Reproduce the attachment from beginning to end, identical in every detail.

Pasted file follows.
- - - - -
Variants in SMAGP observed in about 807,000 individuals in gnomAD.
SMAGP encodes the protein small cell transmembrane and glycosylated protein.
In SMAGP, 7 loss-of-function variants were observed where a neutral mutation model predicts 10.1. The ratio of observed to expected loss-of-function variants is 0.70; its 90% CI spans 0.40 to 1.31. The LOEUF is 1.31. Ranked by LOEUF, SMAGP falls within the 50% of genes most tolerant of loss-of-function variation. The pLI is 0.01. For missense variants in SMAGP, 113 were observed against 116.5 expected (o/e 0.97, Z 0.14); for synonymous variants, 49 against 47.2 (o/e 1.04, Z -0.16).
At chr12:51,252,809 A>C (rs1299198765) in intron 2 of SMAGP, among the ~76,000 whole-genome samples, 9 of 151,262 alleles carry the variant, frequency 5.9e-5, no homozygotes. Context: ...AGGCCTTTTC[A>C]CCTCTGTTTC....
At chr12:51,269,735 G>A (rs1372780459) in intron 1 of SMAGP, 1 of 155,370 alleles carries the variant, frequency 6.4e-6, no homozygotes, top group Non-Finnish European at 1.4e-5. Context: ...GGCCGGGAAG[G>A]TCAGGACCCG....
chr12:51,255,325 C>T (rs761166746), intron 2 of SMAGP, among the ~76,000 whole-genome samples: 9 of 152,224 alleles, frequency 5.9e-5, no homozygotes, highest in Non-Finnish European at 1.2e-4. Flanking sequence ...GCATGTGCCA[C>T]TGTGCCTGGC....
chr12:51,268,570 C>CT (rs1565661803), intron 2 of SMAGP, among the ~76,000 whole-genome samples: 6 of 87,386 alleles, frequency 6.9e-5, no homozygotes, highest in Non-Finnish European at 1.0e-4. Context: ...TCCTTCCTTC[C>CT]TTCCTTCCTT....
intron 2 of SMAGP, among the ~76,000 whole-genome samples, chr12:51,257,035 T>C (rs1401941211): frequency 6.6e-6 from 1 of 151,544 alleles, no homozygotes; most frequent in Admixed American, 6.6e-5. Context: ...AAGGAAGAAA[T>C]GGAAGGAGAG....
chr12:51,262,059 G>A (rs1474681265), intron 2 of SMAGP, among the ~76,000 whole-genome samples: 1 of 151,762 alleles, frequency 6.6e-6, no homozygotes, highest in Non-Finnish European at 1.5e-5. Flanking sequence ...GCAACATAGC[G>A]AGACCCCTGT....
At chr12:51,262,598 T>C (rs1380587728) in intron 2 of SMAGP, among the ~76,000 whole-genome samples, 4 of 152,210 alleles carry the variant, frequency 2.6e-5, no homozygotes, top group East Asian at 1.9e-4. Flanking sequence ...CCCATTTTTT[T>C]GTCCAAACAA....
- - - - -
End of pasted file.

Variants in SMAGP observed in about 807,000 individuals in gnomAD.
SMAGP encodes the protein small cell transmembrane and glycosylated protein.
In SMAGP, 7 loss-of-function variants were observed where a neutral mutation model predicts 10.1. The ratio of observed to expected loss-of-function variants is 0.70; its 90% CI spans 0.40 to 1.31. The LOEUF is 1.31. Ranked by LOEUF, SMAGP falls within the 50% of genes most tolerant of loss-of-function variation. The pLI is 0.01. For missense variants in SMAGP, 113 were observed against 116.5 expected (o/e 0.97, Z 0.14); for synonymous variants, 49 against 47.2 (o/e 1.04, Z -0.16).
At chr12:51,252,809 A>C (rs1299198765) in intron 2 of SMAGP, among the ~76,000 whole-genome samples, 9 of 151,262 alleles carry the variant, frequency 5.9e-5, no homozygotes. Context: ...AGGCCTTTTC[A>C]CCTCTGTTTC....
At chr12:51,269,735 G>A (rs1372780459) in intron 1 of SMAGP, 1 of 155,370 alleles carries the variant, frequency 6.4e-6, no homozygotes, top group Non-Finnish European at 1.4e-5. Context: ...GGCCGGGAAG[G>A]TCAGGACCCG....
chr12:51,255,325 C>T (rs761166746), intron 2 of SMAGP, among the ~76,000 whole-genome samples: 9 of 152,224 alleles, frequency 5.9e-5, no homozygotes, highest in Non-Finnish European at 1.2e-4. Flanking sequence ...GCATGTGCCA[C>T]TGTGCCTGGC....
chr12:51,268,570 C>CT (rs1565661803), intron 2 of SMAGP, among the ~76,000 whole-genome samples: 6 of 87,386 alleles, frequency 6.9e-5, no homozygotes, highest in Non-Finnish European at 1.0e-4. Context: ...TCCTTCCTTC[C>CT]TTCCTTCCTT....
intron 2 of SMAGP, among the ~76,000 whole-genome samples, chr12:51,257,035 T>C (rs1401941211): frequency 6.6e-6 from 1 of 151,544 alleles, no homozygotes; most frequent in Admixed American, 6.6e-5. Context: ...AAGGAAGAAA[T>C]GGAAGGAGAG....
chr12:51,262,059 G>A (rs1474681265), intron 2 of SMAGP, among the ~76,000 whole-genome samples: 1 of 151,762 alleles, frequency 6.6e-6, no homozygotes, highest in Non-Finnish European at 1.5e-5. Flanking sequence ...GCAACATAGC[G>A]AGACCCCTGT....
At chr12:51,262,598 T>C (rs1380587728) in intron 2 of SMAGP, among the ~76,000 whole-genome samples, 4 of 152,210 alleles carry the variant, frequency 2.6e-5, no homozygotes, top group East Asian at 1.9e-4. Flanking sequence ...CCCATTTTTT[T>C]GTCCAAACAA....